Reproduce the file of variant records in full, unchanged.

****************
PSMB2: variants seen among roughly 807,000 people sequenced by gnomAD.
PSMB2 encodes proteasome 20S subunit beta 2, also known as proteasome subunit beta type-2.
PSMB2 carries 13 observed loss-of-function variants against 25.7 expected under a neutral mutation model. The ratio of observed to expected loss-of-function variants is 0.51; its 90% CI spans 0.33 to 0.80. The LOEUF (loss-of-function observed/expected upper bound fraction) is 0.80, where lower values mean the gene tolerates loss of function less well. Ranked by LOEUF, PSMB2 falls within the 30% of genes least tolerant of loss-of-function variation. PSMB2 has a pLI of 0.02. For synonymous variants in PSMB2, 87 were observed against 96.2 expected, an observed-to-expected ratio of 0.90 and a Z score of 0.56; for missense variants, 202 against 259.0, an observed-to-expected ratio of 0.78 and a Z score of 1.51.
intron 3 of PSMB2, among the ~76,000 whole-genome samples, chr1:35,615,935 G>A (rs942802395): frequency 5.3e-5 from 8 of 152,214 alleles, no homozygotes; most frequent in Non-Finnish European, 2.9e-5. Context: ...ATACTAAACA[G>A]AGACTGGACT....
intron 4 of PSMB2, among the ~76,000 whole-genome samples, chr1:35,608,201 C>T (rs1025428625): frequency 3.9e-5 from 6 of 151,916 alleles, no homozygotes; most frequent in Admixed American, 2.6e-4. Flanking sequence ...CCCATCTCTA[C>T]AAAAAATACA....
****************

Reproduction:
PSMB2: variants seen among roughly 807,000 people sequenced by gnomAD.
PSMB2 encodes proteasome 20S subunit beta 2, also known as proteasome subunit beta type-2.
PSMB2 carries 13 observed loss-of-function variants against 25.7 expected under a neutral mutation model. The ratio of observed to expected loss-of-function variants is 0.51; its 90% CI spans 0.33 to 0.80. The LOEUF (loss-of-function observed/expected upper bound fraction) is 0.80, where lower values mean the gene tolerates loss of function less well. Ranked by LOEUF, PSMB2 falls within the 30% of genes least tolerant of loss-of-function variation. PSMB2 has a pLI of 0.02. For synonymous variants in PSMB2, 87 were observed against 96.2 expected, an observed-to-expected ratio of 0.90 and a Z score of 0.56; for missense variants, 202 against 259.0, an observed-to-expected ratio of 0.78 and a Z score of 1.51.
intron 3 of PSMB2, among the ~76,000 whole-genome samples, chr1:35,615,935 G>A (rs942802395): frequency 5.3e-5 from 8 of 152,214 alleles, no homozygotes; most frequent in Non-Finnish European, 2.9e-5. Context: ...ATACTAAACA[G>A]AGACTGGACT....
intron 4 of PSMB2, among the ~76,000 whole-genome samples, chr1:35,608,201 C>T (rs1025428625): frequency 3.9e-5 from 6 of 151,916 alleles, no homozygotes; most frequent in Admixed American, 2.6e-4. Flanking sequence ...CCCATCTCTA[C>T]AAAAAATACA....